der it and used the dirt from the cellar
to fill in the cemetery lot occupied by
his wife's grave. And that's the usual
way family fusses, end.
Aid. Honore Palmer, of Chicago,
and Grace Green way Brown, of Balti
more, will be married in St. George's
church, Hanover Sauare. tomorrow,
Aug. 20, at 12:30 p. m., according to
the form of the Church of England.
This church, the home of fashionable
weddings, will be handsomely deco
rated : according to the personal di
rections of Mr. Palmer and Miss
Brown, who were assisted in making
the arrangements by Mrs. Potter
Palmer just before the whole party
left for Paris, a week ago.
This morning Mr. and Mrs. Reginald
C. Vanderbilt took a party of their
young friends out to Sandy Point Farm,
where they were treated to a luncheon
of butter, milk and eggs from the farm.
Later Mr. Vanderbilt drove the party
to Newport on his four-in-hand to the
home of Willing Spencer, who enter
tained at luncheon in their honor.
The marriage took place last week
THE ST. PAUE, GLOBS, WEDNESDAY, AUGUST 19, 1903:
'tat t« TEETH uu>- BREATH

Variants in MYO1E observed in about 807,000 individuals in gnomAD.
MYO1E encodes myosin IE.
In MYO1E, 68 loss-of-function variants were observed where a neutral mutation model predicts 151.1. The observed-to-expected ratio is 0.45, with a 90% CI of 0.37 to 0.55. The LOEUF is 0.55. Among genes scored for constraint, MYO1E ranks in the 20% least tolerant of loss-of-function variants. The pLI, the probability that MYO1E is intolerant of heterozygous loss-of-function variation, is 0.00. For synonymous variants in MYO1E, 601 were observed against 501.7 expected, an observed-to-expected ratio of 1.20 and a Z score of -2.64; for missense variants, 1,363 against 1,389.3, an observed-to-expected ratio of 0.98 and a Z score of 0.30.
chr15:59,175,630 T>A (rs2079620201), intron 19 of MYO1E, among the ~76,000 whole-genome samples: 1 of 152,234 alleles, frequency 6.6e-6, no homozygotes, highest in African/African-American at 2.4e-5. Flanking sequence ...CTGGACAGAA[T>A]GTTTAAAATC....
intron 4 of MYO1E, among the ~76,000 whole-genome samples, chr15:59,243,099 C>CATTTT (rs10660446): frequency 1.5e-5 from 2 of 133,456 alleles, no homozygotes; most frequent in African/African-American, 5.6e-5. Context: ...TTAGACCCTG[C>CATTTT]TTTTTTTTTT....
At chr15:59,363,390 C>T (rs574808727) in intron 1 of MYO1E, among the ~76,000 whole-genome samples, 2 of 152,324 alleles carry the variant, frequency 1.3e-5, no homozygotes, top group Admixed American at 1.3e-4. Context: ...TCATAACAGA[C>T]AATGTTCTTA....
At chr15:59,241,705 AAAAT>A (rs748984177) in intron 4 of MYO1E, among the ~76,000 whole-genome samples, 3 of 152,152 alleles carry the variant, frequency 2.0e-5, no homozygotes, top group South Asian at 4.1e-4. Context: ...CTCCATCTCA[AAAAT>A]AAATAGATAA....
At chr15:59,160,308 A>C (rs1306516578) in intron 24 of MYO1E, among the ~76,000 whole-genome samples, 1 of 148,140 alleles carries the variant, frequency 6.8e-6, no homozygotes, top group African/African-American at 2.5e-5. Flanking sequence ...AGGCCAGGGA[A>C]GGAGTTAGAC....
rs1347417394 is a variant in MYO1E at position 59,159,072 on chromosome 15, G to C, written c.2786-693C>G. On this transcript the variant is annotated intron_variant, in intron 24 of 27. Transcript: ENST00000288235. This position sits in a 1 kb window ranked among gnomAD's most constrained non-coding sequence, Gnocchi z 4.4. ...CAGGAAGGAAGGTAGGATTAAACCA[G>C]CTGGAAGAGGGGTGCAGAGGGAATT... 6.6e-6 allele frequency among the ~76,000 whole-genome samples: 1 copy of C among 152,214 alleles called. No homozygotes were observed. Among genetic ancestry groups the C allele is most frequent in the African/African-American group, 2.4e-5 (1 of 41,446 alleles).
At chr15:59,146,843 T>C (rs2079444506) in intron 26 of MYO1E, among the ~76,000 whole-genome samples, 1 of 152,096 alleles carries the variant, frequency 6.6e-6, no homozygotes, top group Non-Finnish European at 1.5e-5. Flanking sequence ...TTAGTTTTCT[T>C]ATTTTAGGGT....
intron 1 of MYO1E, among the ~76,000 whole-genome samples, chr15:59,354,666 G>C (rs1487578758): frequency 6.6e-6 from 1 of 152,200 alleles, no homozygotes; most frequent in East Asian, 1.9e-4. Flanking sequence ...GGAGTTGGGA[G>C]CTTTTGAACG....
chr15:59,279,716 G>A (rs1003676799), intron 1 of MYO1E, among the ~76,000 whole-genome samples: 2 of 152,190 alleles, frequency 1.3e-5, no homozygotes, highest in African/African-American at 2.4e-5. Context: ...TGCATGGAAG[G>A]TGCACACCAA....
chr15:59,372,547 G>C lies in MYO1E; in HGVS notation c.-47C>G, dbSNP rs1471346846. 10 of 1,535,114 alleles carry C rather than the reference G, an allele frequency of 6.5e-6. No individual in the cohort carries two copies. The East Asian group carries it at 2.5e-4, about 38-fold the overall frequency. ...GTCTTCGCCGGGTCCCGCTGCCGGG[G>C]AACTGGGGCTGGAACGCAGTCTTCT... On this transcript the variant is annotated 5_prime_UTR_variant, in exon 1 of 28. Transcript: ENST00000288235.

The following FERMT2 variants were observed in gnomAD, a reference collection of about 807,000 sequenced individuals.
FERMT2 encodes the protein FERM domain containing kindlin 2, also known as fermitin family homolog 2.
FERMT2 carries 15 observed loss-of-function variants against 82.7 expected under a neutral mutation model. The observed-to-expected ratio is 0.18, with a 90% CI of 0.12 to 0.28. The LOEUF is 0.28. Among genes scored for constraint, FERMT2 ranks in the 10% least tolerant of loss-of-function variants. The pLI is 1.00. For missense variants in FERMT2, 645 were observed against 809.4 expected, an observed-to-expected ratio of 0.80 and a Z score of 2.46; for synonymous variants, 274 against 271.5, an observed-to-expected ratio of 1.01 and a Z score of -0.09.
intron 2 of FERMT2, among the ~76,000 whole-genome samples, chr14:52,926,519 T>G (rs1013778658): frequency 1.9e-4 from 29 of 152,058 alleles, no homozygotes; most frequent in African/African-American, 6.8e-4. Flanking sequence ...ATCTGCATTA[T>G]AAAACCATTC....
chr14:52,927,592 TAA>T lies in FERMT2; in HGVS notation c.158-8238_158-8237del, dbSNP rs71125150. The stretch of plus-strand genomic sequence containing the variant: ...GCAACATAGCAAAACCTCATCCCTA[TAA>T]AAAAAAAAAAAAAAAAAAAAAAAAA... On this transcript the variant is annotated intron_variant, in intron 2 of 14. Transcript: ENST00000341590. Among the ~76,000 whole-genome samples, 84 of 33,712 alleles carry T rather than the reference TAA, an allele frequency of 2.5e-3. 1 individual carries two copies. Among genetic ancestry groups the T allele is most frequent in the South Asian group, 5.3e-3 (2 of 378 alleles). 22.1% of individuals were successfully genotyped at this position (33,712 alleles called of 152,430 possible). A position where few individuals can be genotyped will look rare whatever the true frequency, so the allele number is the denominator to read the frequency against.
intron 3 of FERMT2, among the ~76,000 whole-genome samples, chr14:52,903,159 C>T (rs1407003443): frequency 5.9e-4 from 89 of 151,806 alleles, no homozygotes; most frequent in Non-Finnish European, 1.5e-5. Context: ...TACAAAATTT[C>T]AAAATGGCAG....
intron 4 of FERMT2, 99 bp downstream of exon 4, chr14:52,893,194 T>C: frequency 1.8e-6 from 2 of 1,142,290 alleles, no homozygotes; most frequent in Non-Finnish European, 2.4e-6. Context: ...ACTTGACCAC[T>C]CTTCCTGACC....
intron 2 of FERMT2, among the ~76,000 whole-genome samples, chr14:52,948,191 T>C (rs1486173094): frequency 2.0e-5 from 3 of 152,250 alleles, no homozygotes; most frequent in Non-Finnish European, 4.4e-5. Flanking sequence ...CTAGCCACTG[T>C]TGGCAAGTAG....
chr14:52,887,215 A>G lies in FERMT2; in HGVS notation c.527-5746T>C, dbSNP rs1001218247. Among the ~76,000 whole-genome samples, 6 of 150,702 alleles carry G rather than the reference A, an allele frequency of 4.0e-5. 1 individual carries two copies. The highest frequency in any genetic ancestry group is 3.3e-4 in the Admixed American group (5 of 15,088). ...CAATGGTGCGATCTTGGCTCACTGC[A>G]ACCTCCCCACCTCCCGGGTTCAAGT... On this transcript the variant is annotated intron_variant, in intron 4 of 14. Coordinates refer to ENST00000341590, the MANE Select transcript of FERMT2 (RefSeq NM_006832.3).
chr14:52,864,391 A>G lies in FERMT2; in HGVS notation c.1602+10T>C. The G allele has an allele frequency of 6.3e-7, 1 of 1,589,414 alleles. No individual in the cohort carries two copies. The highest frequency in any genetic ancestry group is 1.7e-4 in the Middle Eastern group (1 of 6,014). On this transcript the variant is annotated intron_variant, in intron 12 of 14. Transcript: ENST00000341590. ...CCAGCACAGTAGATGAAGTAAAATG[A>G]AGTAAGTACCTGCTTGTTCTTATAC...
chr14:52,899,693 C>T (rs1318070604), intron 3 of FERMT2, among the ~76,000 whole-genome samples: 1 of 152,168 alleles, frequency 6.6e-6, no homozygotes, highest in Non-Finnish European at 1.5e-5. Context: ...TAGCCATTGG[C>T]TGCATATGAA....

in the Church of St. Pierre de Chaillot,
Paris, of Charles Knight, an architect
of Philadelphia, and son of Ridgeway
Knight, the artist, and Alice Boucherie,
daughter of Baron Boucherie de Cuzieu.
The witnesses to the civil ceremony
were Henry Vignaud. first secretary of
the United States embassy, and Charles
Meissonier, the' son of the famous
, Mr. -and ■ Mrs. Alfred G. Vanderbilt
vary the gayeties of Newport by a few
days' sojourn now and then at their
Adirondack camp, and Mr. Vander
bilt's mother and sister, Miss Gladys
Vanderbilt, recently left 'The Break
ers" just at the beginning of the sea
son for a trip to the New England
coast. Later Mrs. Vanderbilt and her
daughter will go to the Adirondacks, j